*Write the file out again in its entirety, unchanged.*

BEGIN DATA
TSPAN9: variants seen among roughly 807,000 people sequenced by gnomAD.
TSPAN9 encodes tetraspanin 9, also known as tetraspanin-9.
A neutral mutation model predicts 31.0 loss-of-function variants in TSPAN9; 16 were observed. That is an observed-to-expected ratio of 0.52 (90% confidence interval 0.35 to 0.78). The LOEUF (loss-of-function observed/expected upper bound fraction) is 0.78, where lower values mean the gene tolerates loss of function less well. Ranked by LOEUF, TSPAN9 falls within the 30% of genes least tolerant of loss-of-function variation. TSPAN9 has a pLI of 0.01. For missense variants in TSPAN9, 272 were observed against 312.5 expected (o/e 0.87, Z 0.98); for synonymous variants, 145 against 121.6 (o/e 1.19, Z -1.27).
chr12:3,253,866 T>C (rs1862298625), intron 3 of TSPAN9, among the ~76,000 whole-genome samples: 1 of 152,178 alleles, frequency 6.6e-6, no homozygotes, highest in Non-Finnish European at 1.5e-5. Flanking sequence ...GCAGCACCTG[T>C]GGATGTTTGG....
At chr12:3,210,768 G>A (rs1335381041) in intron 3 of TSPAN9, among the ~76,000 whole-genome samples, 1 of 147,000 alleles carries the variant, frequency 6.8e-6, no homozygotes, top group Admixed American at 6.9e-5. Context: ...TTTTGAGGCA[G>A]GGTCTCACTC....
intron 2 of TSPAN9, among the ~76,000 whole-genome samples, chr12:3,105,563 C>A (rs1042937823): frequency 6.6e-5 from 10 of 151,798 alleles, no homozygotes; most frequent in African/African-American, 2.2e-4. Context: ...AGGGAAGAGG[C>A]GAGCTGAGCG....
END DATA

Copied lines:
TSPAN9: variants seen among roughly 807,000 people sequenced by gnomAD.
TSPAN9 encodes tetraspanin 9, also known as tetraspanin-9.
A neutral mutation model predicts 31.0 loss-of-function variants in TSPAN9; 16 were observed. That is an observed-to-expected ratio of 0.52 (90% confidence interval 0.35 to 0.78). The LOEUF (loss-of-function observed/expected upper bound fraction) is 0.78, where lower values mean the gene tolerates loss of function less well. Ranked by LOEUF, TSPAN9 falls within the 30% of genes least tolerant of loss-of-function variation. TSPAN9 has a pLI of 0.01. For missense variants in TSPAN9, 272 were observed against 312.5 expected (o/e 0.87, Z 0.98); for synonymous variants, 145 against 121.6 (o/e 1.19, Z -1.27).
chr12:3,253,866 T>C (rs1862298625), intron 3 of TSPAN9, among the ~76,000 whole-genome samples: 1 of 152,178 alleles, frequency 6.6e-6, no homozygotes, highest in Non-Finnish European at 1.5e-5. Flanking sequence ...GCAGCACCTG[T>C]GGATGTTTGG....
At chr12:3,210,768 G>A (rs1335381041) in intron 3 of TSPAN9, among the ~76,000 whole-genome samples, 1 of 147,000 alleles carries the variant, frequency 6.8e-6, no homozygotes, top group Admixed American at 6.9e-5. Context: ...TTTTGAGGCA[G>A]GGTCTCACTC....
intron 2 of TSPAN9, among the ~76,000 whole-genome samples, chr12:3,105,563 C>A (rs1042937823): frequency 6.6e-5 from 10 of 151,798 alleles, no homozygotes; most frequent in African/African-American, 2.2e-4. Context: ...AGGGAAGAGG[C>A]GAGCTGAGCG....